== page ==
Action item! BLM rule change could limit public input.
We will need public as soon as we are able. Check back here for the address to comment or follow the links below to find the information.
- 15-day official protests of logging decisions began in 1984
- Elimination would speed logging projects for wildfire
The U.S. Bureau of Land Management is considering ending official written protests of forest logging plans in Oregon and California as a way to halt abuse and litigation.
Environmental groups quickly criticized the proposal, announced late Thursday, saying the bureau is cutting out the public’s voice.
Citing a need to cut down forests to reduce the threat of wildfire, BLM officials said they’re planning to end 15-day official citizen protest periods for logging decisions—part of a forest management rule “modernization” effort.
“Rather than streamlining the review process, as was originally envisioned, protest periods have proven to expend agency time and resources with little benefit,” Acting BLM Director William Perry Pendley said in the bureau’s announcement.
A 60-day public comment period on eliminating official protests will begin when the proposal is published in the Federal Register, BLM spokeswoman Megan Crandall said Friday.
The bureau hasn’t set a date for publishing the proposed rule, which applies to BLM forests only in California and Oregon.
Separately, the BLM on Thursday announced a proposal to exempt salvage timber sales—the removal of dead or dying trees—from environmental impact reviews under the National Environmental Policy Act.
The proposals come amid a broader Trump administration effort to overhaul NEPA regulations to speed up approvals for oil and gas drilling, mining and logging on most federal lands. While the U.S. Forest Service manages most public forests, the BLM oversees some large forests in the two states.
Under existing NEPA compliance rules, the public can comment on logging proposals before decisions are made. Since 1984, the BLM has added a 15-day official protest period to allow the public to push back on logging decisions once they’re final.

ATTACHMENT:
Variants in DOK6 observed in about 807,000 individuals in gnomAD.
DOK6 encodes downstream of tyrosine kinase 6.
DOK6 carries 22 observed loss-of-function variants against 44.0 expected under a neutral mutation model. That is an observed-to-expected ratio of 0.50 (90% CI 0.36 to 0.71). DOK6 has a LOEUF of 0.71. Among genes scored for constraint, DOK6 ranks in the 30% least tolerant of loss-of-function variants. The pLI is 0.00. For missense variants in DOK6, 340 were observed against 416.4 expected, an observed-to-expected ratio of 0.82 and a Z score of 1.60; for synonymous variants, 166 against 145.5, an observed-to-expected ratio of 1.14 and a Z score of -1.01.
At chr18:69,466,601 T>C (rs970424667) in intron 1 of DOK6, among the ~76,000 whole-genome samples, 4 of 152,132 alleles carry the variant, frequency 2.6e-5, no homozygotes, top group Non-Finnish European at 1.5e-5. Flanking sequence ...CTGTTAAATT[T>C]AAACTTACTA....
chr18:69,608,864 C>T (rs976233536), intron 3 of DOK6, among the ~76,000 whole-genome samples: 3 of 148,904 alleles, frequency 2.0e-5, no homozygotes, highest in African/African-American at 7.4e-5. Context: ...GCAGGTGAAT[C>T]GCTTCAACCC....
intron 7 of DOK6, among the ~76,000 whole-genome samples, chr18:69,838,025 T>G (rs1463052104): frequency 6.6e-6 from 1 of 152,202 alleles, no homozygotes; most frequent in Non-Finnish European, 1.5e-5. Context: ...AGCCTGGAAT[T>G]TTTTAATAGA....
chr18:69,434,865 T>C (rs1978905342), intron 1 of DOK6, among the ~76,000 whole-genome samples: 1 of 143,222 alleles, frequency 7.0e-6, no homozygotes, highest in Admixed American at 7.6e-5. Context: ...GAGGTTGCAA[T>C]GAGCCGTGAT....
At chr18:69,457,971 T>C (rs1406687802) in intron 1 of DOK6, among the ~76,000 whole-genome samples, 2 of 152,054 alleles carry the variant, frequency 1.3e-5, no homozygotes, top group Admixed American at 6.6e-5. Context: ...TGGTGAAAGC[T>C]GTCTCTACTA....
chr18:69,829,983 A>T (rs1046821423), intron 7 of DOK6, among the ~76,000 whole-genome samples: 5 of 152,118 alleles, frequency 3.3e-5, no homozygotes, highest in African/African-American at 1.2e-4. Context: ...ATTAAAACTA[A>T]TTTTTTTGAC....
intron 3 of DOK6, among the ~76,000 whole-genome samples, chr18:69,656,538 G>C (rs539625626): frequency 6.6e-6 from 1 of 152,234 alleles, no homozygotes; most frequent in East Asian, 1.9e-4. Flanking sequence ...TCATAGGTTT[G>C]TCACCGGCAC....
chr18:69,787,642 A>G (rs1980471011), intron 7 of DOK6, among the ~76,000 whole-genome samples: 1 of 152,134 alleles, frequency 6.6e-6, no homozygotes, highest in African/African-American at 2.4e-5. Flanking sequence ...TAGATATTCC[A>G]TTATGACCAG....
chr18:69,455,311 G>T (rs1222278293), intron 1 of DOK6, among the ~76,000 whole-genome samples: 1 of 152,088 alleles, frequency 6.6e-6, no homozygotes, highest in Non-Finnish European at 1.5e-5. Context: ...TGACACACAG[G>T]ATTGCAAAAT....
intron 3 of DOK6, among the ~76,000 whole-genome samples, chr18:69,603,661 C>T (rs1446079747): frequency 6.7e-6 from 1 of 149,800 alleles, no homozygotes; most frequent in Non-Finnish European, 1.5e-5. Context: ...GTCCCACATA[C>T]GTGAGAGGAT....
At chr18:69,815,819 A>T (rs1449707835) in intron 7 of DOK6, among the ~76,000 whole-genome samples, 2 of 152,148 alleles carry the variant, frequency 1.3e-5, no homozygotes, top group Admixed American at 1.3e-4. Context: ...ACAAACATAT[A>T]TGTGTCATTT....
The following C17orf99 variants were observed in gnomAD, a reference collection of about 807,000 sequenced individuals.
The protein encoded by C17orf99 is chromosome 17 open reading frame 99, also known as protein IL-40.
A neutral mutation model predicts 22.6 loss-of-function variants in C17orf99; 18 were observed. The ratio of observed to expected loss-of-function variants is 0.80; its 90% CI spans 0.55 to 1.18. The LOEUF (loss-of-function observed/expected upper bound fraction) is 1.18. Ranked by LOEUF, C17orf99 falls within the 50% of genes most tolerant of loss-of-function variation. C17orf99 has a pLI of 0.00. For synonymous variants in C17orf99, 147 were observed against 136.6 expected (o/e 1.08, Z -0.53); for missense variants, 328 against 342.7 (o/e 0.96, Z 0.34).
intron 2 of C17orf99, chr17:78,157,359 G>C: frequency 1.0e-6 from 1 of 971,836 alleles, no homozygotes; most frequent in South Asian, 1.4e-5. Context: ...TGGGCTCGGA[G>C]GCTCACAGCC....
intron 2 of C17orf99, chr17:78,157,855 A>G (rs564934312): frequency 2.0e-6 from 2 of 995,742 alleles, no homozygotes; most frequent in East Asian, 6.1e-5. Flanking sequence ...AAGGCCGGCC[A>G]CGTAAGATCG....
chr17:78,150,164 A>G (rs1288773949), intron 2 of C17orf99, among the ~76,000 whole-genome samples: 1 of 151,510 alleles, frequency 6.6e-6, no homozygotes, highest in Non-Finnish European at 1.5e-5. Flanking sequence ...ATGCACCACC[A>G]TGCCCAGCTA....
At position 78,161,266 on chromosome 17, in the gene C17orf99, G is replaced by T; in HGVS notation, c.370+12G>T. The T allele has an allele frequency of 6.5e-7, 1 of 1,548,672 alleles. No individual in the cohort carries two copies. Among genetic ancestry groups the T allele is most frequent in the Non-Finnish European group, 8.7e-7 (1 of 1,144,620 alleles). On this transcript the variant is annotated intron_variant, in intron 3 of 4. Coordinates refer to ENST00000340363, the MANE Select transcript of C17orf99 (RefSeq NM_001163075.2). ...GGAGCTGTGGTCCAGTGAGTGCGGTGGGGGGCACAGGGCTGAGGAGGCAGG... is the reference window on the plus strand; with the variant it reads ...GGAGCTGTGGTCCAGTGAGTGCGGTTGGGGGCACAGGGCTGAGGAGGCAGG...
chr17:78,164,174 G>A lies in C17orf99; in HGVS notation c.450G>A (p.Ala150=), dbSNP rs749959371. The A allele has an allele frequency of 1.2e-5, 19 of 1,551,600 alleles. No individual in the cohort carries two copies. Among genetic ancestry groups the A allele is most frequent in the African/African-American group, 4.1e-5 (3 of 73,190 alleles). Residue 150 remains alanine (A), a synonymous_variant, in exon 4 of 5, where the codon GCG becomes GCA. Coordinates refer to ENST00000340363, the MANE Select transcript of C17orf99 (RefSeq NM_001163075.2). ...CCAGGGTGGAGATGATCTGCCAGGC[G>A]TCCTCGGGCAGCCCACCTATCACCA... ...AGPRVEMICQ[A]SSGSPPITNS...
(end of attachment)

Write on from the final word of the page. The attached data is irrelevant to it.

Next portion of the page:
“Protest periods are important opportunities for the public to let BLM know when the agency has failed to adequately address real concerns about the impacts that timber projects can have on recreational opportunities, threatened and endangered species, wildfire risk, and the like,” Elizabeth Klein, an attorney at the State Energy and Environmental Impact Center at the NYU School of Law, said Friday.
Klein is a former Interior associate deputy secretary in the Clinton and Obama administrations.
The BLM protest periods differ from U.S. Forest Service rules for timber sales. The Forest Service gives the public 30 or 45 days to object to a draft timber sale decision before it is finalized, depending on the level of environmental review the service conducted, said Susan Jane Brown, a staff attorney at the Western Environmental Law Center.
Urgent Need to Cut
The BLM cited an urgent need to eliminate public protests, noting a 2018 wildfire destroyed an Oregon forest before the bureau could process protests against auctioning off the timber and cutting the trees.
“Under the proposed regulations, the public comments could have been addressed before the auction was held, allowing the BLM to award the sale and the purchaser to begin thinning operations before the fire took place,” the bureau said in a statement announcing the proposal.
But “abuse of and litigation over protests” has ended up delaying timber sales, threatening public safety as wildfire threatens to burn homes, according to the statement.
The BLM announcement featured endorsements from the Associated California Loggers, the California Farm Bureau Federation, the American Loggers Council and others in favor of ending the protests.
“The BLM’s administrative protest process has been abused by anti-forestry, activist groups to delay and stop needed forest management projects developed by forestry experts,” said John Murphy, CEO of Murphy Company, an Oregon plywood manufacturer.
‘Less of a Say’
Environmental groups blasted the proposal as an effort to muzzle the public’s voice and avoid challenges from those seeking to protect forests.
“The basic message seems to be, ‘We’ll do more cutting and the public will have less of a say,’” said Nada Culver, senior policy counsel at the National Audubon Society. “There are responsible ways to address fire risk and response, but these are public lands and the agencies that manage them should not be cutting out the public.”
But Randi Spivak, public lands program director for the Center for Biological Diversity, said eliminating protest periods wouldn’t mean much because they’ve rarely halted a timber sale or reduced its impact.
“Given that the BLM doesn’t act in good faith and largely ignores citizens’ protests, all this means is that we can go to court faster,” Spivak said.
Klein said that if the administration wants to streamline the environmental review process required by NEPA, it should engage with more people interested in logging proposals than just the logging industry.
“Proposed projects don’t get better by eliminating protest periods and pretending that opposition doesn’t exist and isn’t valid,” Klein said.
To contact the reporter on this story: at bmagill@
The proposal: https://www.blm.gov/press-release/blm-proposes-modernizing-forest-management-rules